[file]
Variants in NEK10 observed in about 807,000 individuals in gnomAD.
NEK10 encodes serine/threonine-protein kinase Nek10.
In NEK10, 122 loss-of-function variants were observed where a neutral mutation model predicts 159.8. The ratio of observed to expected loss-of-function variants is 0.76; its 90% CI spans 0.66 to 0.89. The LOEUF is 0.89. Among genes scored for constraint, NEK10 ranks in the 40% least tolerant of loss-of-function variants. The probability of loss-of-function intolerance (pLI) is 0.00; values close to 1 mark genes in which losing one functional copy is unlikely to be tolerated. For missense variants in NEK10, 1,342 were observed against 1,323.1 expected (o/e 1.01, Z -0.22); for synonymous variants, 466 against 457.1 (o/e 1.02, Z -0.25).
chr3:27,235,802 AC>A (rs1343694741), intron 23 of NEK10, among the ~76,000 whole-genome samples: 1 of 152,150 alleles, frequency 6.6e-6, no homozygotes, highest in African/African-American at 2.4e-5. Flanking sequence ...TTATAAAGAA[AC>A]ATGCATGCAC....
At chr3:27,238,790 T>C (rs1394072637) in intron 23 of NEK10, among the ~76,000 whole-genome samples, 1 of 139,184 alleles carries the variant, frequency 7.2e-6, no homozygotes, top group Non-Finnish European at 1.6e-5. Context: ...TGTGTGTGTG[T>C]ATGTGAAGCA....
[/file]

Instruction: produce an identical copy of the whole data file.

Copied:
Variants in NEK10 observed in about 807,000 individuals in gnomAD.
NEK10 encodes serine/threonine-protein kinase Nek10.
In NEK10, 122 loss-of-function variants were observed where a neutral mutation model predicts 159.8. The ratio of observed to expected loss-of-function variants is 0.76; its 90% CI spans 0.66 to 0.89. The LOEUF is 0.89. Among genes scored for constraint, NEK10 ranks in the 40% least tolerant of loss-of-function variants. The probability of loss-of-function intolerance (pLI) is 0.00; values close to 1 mark genes in which losing one functional copy is unlikely to be tolerated. For missense variants in NEK10, 1,342 were observed against 1,323.1 expected (o/e 1.01, Z -0.22); for synonymous variants, 466 against 457.1 (o/e 1.02, Z -0.25).
chr3:27,235,802 AC>A (rs1343694741), intron 23 of NEK10, among the ~76,000 whole-genome samples: 1 of 152,150 alleles, frequency 6.6e-6, no homozygotes, highest in African/African-American at 2.4e-5. Flanking sequence ...TTATAAAGAA[AC>A]ATGCATGCAC....
At chr3:27,238,790 T>C (rs1394072637) in intron 23 of NEK10, among the ~76,000 whole-genome samples, 1 of 139,184 alleles carries the variant, frequency 7.2e-6, no homozygotes, top group Non-Finnish European at 1.6e-5. Context: ...TGTGTGTGTG[T>C]ATGTGAAGCA....